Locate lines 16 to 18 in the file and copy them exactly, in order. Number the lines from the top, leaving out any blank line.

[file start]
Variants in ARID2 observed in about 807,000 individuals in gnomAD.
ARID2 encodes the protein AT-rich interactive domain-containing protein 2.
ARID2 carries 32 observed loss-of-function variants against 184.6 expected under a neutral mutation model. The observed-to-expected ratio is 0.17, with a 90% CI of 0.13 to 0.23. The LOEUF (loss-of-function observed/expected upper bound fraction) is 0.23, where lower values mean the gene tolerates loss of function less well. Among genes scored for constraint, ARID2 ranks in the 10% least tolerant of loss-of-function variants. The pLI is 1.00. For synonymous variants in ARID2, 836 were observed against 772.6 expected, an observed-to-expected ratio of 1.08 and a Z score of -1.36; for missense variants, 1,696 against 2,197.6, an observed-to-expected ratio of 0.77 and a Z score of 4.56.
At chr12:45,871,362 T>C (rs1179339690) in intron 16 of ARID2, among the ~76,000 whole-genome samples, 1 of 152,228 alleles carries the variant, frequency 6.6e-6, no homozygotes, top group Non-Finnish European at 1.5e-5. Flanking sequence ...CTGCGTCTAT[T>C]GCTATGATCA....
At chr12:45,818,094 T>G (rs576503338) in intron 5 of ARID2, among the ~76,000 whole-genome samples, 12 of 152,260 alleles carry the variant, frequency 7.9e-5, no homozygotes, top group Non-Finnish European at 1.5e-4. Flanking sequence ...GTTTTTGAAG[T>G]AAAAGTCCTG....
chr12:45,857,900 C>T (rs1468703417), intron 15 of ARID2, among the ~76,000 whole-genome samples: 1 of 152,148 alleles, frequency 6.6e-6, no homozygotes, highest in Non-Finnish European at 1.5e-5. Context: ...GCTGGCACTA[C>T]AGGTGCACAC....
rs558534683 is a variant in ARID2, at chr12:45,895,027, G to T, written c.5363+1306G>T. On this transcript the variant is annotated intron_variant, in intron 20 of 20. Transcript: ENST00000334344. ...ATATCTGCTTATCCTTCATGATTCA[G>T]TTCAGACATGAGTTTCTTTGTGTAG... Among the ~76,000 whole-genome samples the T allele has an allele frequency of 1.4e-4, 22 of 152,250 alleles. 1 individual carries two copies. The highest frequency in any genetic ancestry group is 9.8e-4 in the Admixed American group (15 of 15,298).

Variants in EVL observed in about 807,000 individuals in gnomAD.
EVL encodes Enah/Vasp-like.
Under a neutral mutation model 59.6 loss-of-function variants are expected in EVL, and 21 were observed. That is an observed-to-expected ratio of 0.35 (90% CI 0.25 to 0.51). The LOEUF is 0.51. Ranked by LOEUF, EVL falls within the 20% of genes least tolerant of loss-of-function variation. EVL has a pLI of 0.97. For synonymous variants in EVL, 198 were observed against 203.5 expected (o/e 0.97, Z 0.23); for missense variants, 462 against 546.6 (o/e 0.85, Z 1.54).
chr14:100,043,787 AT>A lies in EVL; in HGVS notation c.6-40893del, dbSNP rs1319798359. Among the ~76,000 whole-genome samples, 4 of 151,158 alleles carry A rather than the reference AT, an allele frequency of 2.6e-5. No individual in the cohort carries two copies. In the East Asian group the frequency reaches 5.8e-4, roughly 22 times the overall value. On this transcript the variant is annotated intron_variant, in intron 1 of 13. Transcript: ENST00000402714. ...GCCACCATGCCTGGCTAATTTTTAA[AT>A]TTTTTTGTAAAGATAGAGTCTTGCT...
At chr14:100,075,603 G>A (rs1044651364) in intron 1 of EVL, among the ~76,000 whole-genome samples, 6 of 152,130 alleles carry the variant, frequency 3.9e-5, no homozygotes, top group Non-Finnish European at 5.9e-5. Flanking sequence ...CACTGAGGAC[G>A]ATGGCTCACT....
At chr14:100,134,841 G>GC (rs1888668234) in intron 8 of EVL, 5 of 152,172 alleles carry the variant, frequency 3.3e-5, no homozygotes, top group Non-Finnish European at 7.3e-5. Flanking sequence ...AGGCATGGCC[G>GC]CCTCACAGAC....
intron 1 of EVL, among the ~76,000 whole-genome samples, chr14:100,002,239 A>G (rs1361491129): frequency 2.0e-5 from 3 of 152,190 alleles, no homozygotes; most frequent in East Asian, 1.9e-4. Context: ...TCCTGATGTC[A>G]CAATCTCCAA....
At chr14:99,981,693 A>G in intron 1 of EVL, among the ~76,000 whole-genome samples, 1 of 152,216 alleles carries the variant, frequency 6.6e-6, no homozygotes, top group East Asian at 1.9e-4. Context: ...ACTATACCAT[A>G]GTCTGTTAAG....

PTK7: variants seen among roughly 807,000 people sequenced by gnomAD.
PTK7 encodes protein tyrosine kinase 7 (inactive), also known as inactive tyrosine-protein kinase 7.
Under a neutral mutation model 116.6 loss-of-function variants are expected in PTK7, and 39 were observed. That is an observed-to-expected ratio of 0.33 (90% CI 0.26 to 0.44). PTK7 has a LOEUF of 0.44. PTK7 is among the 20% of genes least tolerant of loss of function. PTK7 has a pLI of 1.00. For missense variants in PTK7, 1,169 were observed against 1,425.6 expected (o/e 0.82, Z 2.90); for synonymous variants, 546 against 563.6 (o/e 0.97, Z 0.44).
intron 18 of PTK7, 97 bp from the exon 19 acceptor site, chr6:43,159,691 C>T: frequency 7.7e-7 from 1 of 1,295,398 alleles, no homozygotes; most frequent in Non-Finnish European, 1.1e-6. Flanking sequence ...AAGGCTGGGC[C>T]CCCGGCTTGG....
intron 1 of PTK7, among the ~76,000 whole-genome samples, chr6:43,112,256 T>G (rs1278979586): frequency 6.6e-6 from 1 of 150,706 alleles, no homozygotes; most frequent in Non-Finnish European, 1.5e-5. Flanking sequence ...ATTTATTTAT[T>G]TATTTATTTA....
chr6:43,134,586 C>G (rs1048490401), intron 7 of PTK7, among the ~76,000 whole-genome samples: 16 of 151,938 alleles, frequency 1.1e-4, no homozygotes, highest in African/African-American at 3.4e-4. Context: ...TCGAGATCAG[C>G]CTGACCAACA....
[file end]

PTK7: variants seen among roughly 807,000 people sequenced by gnomAD.
PTK7 encodes protein tyrosine kinase 7 (inactive), also known as inactive tyrosine-protein kinase 7.
Under a neutral mutation model 116.6 loss-of-function variants are expected in PTK7, and 39 were observed. That is an observed-to-expected ratio of 0.33 (90% CI 0.26 to 0.44). PTK7 has a LOEUF of 0.44. PTK7 is among the 20% of genes least tolerant of loss of function. PTK7 has a pLI of 1.00. For missense variants in PTK7, 1,169 were observed against 1,425.6 expected (o/e 0.82, Z 2.90); for synonymous variants, 546 against 563.6 (o/e 0.97, Z 0.44).